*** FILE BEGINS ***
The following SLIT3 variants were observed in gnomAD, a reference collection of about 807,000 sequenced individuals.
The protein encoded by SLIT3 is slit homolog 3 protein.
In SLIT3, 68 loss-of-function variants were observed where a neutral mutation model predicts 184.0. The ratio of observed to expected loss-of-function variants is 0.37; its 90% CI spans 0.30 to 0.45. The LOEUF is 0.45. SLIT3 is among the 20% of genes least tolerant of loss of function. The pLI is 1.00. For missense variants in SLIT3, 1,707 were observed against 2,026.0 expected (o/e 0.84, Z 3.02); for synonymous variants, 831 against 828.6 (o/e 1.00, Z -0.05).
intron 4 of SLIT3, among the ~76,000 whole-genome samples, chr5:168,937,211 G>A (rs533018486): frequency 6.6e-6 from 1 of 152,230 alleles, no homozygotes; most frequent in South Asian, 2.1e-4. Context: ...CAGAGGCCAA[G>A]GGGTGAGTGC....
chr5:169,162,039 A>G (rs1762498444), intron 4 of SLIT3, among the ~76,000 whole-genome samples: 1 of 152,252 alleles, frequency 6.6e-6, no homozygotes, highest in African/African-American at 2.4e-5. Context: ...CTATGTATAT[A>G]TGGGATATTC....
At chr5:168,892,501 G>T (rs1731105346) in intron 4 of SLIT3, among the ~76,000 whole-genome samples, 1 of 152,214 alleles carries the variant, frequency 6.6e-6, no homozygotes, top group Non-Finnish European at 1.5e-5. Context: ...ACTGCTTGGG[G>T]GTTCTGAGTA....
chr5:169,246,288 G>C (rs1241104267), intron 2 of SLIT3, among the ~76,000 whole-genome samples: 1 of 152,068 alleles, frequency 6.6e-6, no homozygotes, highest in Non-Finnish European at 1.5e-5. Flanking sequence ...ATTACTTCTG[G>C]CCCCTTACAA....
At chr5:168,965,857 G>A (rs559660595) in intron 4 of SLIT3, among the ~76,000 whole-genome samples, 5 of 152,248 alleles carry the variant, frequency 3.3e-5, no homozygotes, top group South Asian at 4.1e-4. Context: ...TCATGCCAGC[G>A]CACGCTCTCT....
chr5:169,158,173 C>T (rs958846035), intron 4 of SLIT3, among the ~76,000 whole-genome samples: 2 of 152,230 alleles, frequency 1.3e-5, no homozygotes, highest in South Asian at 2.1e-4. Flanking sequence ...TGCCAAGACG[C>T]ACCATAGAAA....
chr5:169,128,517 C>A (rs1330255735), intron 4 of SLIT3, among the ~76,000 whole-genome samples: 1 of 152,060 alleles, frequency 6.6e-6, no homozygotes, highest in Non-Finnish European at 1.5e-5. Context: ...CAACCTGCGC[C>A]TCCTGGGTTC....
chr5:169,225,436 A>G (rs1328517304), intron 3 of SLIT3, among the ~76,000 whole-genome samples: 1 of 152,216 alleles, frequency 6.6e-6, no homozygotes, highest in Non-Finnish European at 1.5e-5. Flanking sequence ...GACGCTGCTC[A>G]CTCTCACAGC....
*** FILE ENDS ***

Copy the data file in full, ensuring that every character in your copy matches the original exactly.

The following SLIT3 variants were observed in gnomAD, a reference collection of about 807,000 sequenced individuals.
The protein encoded by SLIT3 is slit homolog 3 protein.
In SLIT3, 68 loss-of-function variants were observed where a neutral mutation model predicts 184.0. The ratio of observed to expected loss-of-function variants is 0.37; its 90% CI spans 0.30 to 0.45. The LOEUF is 0.45. SLIT3 is among the 20% of genes least tolerant of loss of function. The pLI is 1.00. For missense variants in SLIT3, 1,707 were observed against 2,026.0 expected (o/e 0.84, Z 3.02); for synonymous variants, 831 against 828.6 (o/e 1.00, Z -0.05).
intron 4 of SLIT3, among the ~76,000 whole-genome samples, chr5:168,937,211 G>A (rs533018486): frequency 6.6e-6 from 1 of 152,230 alleles, no homozygotes; most frequent in South Asian, 2.1e-4. Context: ...CAGAGGCCAA[G>A]GGGTGAGTGC....
chr5:169,162,039 A>G (rs1762498444), intron 4 of SLIT3, among the ~76,000 whole-genome samples: 1 of 152,252 alleles, frequency 6.6e-6, no homozygotes, highest in African/African-American at 2.4e-5. Context: ...CTATGTATAT[A>G]TGGGATATTC....
At chr5:168,892,501 G>T (rs1731105346) in intron 4 of SLIT3, among the ~76,000 whole-genome samples, 1 of 152,214 alleles carries the variant, frequency 6.6e-6, no homozygotes, top group Non-Finnish European at 1.5e-5. Context: ...ACTGCTTGGG[G>T]GTTCTGAGTA....
chr5:169,246,288 G>C (rs1241104267), intron 2 of SLIT3, among the ~76,000 whole-genome samples: 1 of 152,068 alleles, frequency 6.6e-6, no homozygotes, highest in Non-Finnish European at 1.5e-5. Flanking sequence ...ATTACTTCTG[G>C]CCCCTTACAA....
At chr5:168,965,857 G>A (rs559660595) in intron 4 of SLIT3, among the ~76,000 whole-genome samples, 5 of 152,248 alleles carry the variant, frequency 3.3e-5, no homozygotes, top group South Asian at 4.1e-4. Context: ...TCATGCCAGC[G>A]CACGCTCTCT....
chr5:169,158,173 C>T (rs958846035), intron 4 of SLIT3, among the ~76,000 whole-genome samples: 2 of 152,230 alleles, frequency 1.3e-5, no homozygotes, highest in South Asian at 2.1e-4. Flanking sequence ...TGCCAAGACG[C>T]ACCATAGAAA....
chr5:169,128,517 C>A (rs1330255735), intron 4 of SLIT3, among the ~76,000 whole-genome samples: 1 of 152,060 alleles, frequency 6.6e-6, no homozygotes, highest in Non-Finnish European at 1.5e-5. Context: ...CAACCTGCGC[C>A]TCCTGGGTTC....
chr5:169,225,436 A>G (rs1328517304), intron 3 of SLIT3, among the ~76,000 whole-genome samples: 1 of 152,216 alleles, frequency 6.6e-6, no homozygotes, highest in Non-Finnish European at 1.5e-5. Flanking sequence ...GACGCTGCTC[A>G]CTCTCACAGC....